By then he was in his 30s, and he began to explore the potential of a new medium with his groundbreaking first video, "In Search of the Wow Wow Wibble Woggle Wazzie Woodle Woo." A re-release of the video, about the power of imagination, is due out on DVD.

For two years, Noah also starred in a regular TV show on KOMO-TV's "How 'Bout That," winning several Emmy awards with producer Ken Morrison.

"We wrote 84 songs in two seasons," Noah said of the show. "It was really great fun."

Noah has won kudos from the American Library Association and Parents' Choice magazine, and three of his songs have been on "Christmas in the Northwest" CD compilations.

The third beginning

In 2003 Noah moved to Snohomish, where he and partner Cyndi Elliott, an elementary-school music specialist with degrees in education and creative arts, have their teaching facility. Choosing the town partly for its vintage feel, partly to be near his 10-year-old son, Jude River Noah, in Lake Stevens, they founded the Thumbnail Theater in the auditorium of a historic Snohomish church, the Church of Christ Scientist.

Noah has had periods when he hasn't performed as much, by both preference and economic necessity. "I worked in construction for four years, until recently," he said. But in the past two years, Noah and Elliott have created a classroom for theater arts and dance, with public and private classes, performances and even a monthly open-mike night, at 7 on the second Saturday of each month.

"It's taking its own shape," Noah said. "With the help of our students, we're generating a lot of ideas, and we're taking ideas as they come to us."

Elliott's education background and Noah's performing skills seemed a natural fit when they began to collaborate two years ago. He was teaching guitar, and they shared their goals and vision in lessons.

When Elliott said she wanted to teach musical theater, "I went, 'Oh. Yeah,' " Noah said. "All sorts of light bulbs went on, and it just made perfect sense, all the years that I've been performing for kids, basically doing one-man musical theater."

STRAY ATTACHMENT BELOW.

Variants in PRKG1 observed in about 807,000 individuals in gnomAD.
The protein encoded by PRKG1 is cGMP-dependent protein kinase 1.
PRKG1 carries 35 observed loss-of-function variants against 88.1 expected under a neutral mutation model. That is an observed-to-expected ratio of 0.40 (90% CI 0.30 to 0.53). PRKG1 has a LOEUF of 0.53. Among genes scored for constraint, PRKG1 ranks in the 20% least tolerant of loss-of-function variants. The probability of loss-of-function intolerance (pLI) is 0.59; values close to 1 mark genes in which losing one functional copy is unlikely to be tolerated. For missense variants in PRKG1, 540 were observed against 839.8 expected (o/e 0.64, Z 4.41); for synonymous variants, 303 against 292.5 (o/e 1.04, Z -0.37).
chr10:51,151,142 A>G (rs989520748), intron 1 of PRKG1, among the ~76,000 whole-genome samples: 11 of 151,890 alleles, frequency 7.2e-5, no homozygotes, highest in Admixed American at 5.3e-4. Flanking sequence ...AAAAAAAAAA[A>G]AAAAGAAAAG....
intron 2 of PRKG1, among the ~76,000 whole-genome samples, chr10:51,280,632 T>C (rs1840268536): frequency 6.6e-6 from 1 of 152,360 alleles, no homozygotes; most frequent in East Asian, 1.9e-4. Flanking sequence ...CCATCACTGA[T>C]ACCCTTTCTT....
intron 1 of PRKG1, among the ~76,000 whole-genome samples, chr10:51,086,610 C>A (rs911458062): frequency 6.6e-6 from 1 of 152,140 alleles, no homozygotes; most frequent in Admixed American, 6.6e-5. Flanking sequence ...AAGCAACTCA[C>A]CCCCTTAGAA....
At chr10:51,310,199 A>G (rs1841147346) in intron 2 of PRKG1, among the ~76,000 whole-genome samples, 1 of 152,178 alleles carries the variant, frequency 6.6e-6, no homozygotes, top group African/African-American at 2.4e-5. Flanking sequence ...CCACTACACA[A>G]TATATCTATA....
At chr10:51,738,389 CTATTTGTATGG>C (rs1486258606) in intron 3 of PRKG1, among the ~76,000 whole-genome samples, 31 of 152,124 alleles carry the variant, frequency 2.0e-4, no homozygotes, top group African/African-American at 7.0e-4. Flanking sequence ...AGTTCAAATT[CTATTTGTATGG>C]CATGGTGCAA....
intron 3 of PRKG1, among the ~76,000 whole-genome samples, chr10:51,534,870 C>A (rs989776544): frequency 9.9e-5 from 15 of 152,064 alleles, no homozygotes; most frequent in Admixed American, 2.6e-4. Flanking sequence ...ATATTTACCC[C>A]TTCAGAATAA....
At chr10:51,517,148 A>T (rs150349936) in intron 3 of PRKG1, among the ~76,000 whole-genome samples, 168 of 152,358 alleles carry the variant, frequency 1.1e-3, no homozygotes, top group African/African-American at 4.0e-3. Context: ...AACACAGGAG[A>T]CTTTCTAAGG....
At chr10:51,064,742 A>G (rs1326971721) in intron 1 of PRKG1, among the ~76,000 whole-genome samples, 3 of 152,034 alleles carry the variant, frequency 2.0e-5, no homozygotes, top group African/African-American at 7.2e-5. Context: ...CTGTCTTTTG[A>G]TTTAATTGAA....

As teachers and performers, they try "to recognize where someone shines, where someone has the greatest amount of either talent or just confidence, to spotlight that and give them a chance," Elliott said.

They continue to do school performances throughout the year, as well as fairs and festivals and private shows for Boeing, among others. Noah does not think an artist has to move to New York or Los Angeles to succeed. "In a way, it feels kind of contrived to me to say, 'OK, I've got to go somewhere else to do what I've developed here,' " he said.

"We've seen him perform since she was 3 years old," said Debbie Cooper, who has been bringing daughter Emily, 11, to voice lessons. "It's been absolutely fabulous. He's an amazing talent."

"I've been one his fans since I was 3, but I never thought I'd actually be doing shows with him," said Kelsey Cooper, 11, who plays Lila Mae Burnett, Mrs. Curmudge's maid.

Noah's characters, said 12-year-old Michael Moore, "become more expressive. You learn not to be embarrassed on stage. You're doing all these wacky things. Tim's a good guy."

One of Noah's songs says:

"They say you're only a kid with a big imagination

To dream the way you do

But plenty of kids who didn't listen to reason

Have made a dream come true."

"Having been a performer all these years, connecting with an audience and working with kids from the stage, we now have a place where kids are taking part," Noah said.

Having the kids view Noah as a colleague, not just a teacher, he added, "feels like success to me."

Diane Wright: 425-745-7815 or dwright@seattletimes.com

Copyright © 2004 The Seattle Times Company